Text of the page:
So they makes scenes. Highly choreographed, highly effective scenes. Always the women. Always starting with the line "Are you joking?" and always ending with a sweet apology after the results are obtained. That's exactly what La Divina did when the furniture store repeatedly failed to deliver a lamp she ordered, and when her clients made comments that she must be the secretary because she's too hot to be a decision maker. (I think it's part of the same curriculum as "how to get out of any parking ticket with pout number 27," "never call a guy on the phone or arrive on time for a date before you f*ck him" and "burn dinner every so often." Conniving or common sense? Feel free to debate, below.)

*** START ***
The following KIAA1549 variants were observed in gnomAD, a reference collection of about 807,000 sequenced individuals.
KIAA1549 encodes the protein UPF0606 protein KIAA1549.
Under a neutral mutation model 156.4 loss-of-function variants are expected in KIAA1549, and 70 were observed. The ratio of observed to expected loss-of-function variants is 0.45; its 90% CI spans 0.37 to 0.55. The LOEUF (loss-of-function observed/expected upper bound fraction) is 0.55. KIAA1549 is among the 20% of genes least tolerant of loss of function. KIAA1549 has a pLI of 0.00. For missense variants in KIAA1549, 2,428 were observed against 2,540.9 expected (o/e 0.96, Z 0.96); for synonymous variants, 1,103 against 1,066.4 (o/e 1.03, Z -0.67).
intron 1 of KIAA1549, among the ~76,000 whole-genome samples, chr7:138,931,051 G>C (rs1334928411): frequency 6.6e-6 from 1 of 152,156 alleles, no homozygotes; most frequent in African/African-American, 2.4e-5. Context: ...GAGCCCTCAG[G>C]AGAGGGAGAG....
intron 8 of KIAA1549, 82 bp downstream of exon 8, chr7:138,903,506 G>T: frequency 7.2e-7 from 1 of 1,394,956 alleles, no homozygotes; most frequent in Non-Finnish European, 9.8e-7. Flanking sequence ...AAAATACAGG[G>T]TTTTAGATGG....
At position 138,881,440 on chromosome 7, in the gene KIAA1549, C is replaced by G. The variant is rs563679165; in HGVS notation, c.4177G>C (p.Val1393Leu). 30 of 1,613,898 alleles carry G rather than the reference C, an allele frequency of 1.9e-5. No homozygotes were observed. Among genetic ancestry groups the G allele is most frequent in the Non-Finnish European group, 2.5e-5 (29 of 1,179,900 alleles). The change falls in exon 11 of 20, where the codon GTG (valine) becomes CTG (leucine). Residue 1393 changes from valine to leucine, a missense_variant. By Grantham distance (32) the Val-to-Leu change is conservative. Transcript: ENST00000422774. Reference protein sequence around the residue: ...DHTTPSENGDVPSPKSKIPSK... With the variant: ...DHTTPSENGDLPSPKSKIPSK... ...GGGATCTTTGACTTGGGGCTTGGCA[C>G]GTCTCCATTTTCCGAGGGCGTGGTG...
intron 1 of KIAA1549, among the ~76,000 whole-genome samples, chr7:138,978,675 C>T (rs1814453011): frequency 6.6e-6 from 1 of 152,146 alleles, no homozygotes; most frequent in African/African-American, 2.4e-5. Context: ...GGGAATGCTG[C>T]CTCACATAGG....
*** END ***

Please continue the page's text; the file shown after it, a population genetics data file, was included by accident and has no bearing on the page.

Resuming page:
So at the end of the dinner, I approached the hostess with a smile. Before I opened my mouth she apologized. In English this time.

"I'm really sorry. It was very rude to keep you waiting."

"No, I'm the one who should apologize. That was not nice of me to get agitated like that. I was simply surprised, because I know what a great restaurant this is, and how well people are normally treated here."

"Yes, I'm really sorry. In Italy, where I've been a waitress for six years, I've never seen such scheduling difficulties. This is a bigger dining room than what I'm used to, so it can be difficult."

"You're right. You have a very stressful job, and I made it harder tonight. I'm sorry."

"That's okay. I'm glad you finally got a table."

We left a really nice tip. An American touch!

Streeeeeetch and smile


That felt good.

Six blog posts yesterday in a couple of hours...

I missed that.